The Merrimack School District, particularly its school board, appears to have a problem in communicating. We don’t presume to know whether a change in the use of student homework as a component of overall grading is a plus or minus. The district decided three years ago that homework would no longer “count” for that purpose.
A parent was so concerned by this decision that he sued the district. He lost. We think the court was wise to steer clear of this controversy.
It was heartening to see that citizens felt so strongly about the issue that a petitioned warrant article last spring attracted more than 3,000 votes. The article proposed changing back to having homework count. It passed with 1,770 votes for it and 1,463 opposed.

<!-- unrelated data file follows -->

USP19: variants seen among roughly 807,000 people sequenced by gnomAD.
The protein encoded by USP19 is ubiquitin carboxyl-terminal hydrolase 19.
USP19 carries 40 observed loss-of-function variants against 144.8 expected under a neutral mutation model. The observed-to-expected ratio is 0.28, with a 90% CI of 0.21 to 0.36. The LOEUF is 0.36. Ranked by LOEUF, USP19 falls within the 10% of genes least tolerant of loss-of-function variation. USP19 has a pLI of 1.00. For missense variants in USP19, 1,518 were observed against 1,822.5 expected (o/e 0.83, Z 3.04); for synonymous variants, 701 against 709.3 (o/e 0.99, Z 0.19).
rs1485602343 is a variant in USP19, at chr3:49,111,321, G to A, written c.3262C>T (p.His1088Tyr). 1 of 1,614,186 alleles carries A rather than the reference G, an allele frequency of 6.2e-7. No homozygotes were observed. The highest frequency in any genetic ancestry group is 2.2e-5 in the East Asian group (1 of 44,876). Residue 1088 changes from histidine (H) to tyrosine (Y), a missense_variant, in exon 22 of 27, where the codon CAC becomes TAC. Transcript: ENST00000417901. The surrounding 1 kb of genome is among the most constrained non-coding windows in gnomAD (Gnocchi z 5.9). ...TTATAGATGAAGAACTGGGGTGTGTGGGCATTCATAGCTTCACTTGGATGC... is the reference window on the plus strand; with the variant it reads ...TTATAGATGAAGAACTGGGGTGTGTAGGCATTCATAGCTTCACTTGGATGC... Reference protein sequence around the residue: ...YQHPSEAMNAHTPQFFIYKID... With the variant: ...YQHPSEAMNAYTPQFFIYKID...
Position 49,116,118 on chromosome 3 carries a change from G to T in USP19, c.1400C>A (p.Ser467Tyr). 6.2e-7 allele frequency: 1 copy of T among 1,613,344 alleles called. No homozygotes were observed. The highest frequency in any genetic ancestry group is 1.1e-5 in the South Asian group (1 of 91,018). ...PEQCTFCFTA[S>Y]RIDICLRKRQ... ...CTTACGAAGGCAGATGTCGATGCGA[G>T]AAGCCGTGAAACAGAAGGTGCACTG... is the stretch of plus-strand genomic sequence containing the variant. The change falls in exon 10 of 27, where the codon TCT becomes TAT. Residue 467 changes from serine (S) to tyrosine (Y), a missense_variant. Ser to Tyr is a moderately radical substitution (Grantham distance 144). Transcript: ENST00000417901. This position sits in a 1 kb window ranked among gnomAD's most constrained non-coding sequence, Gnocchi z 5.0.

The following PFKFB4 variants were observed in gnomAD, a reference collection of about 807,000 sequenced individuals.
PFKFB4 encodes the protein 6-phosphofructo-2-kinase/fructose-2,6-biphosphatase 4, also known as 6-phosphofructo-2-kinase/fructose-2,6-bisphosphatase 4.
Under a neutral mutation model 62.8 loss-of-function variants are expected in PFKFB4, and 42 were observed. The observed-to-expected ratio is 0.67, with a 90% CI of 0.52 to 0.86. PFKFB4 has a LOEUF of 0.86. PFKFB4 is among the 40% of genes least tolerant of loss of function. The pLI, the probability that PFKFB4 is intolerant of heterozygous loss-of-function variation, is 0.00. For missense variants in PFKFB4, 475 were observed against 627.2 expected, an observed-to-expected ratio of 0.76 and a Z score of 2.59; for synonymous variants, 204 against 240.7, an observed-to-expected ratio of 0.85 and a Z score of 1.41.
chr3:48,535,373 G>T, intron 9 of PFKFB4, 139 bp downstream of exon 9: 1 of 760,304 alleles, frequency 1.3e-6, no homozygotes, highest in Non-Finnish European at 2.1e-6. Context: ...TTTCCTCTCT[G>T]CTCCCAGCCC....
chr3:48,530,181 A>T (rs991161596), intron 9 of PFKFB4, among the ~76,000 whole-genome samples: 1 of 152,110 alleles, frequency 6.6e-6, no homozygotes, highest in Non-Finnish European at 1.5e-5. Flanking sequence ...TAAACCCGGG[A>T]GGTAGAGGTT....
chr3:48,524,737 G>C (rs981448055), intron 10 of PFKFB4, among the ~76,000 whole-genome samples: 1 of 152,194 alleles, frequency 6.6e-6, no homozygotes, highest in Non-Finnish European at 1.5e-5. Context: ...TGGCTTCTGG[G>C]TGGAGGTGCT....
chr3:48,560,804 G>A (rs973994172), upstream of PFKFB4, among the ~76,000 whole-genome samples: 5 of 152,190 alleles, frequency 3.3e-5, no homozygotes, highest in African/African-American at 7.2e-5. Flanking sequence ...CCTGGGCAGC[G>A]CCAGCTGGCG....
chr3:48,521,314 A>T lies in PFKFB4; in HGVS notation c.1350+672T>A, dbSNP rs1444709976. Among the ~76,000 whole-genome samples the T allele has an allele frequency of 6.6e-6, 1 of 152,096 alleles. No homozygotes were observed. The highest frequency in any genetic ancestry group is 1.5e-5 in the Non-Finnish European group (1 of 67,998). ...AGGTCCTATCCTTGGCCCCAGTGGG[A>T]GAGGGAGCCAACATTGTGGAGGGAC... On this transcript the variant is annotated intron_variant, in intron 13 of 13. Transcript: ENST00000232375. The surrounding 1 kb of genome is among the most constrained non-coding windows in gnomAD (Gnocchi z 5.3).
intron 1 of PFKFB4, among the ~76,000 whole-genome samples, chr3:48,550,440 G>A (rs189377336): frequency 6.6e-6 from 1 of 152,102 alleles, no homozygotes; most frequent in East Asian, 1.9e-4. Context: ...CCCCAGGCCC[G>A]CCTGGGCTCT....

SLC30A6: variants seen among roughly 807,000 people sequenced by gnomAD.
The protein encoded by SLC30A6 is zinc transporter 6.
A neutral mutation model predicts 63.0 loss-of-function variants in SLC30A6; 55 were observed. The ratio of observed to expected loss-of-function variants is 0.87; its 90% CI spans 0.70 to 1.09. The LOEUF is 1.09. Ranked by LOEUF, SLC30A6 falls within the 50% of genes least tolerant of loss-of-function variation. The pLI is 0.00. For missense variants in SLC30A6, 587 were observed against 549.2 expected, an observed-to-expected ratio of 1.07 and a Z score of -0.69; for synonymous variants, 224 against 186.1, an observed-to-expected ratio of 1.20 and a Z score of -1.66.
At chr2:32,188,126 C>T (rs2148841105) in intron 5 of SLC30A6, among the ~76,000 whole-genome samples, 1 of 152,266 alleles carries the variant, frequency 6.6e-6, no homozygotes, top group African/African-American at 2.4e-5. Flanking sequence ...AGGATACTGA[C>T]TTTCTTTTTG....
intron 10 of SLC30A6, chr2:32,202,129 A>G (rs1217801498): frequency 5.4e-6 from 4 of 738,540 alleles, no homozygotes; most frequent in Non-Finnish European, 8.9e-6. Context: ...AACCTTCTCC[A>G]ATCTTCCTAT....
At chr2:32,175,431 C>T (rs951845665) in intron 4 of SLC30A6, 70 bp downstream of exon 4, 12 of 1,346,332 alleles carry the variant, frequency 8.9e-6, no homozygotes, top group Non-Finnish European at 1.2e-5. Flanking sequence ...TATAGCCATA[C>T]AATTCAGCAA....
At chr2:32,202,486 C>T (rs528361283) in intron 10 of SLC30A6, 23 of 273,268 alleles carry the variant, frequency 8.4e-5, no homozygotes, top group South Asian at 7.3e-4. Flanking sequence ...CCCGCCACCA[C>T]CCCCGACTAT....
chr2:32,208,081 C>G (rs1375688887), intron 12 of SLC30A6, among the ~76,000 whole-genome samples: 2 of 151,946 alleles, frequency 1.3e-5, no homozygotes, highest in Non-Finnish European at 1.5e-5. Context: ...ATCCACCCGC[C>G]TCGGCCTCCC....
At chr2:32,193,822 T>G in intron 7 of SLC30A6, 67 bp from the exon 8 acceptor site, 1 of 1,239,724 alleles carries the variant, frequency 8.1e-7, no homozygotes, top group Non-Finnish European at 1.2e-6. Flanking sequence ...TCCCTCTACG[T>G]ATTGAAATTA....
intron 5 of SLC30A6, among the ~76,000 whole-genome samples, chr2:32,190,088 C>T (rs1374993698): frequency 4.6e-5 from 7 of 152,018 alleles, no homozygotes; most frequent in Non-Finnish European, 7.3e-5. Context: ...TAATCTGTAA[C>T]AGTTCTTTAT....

And what did the school board and district do with this vote? School board Chairman Shannon Barnes said their lawyer ruled the vote was “advisory only.” The district chose to ignore the advice.
Upset parents think the change has placed Merrimack High School students at a disadvantage in competing for college scholarships and admission. That’s not a small consideration these days.
The school board ought to step up now, fully explain its reasoning on this matter, and allow parents, teachers, and other concerned citizens to get answers to their questions.
That’s a good way to start the school year.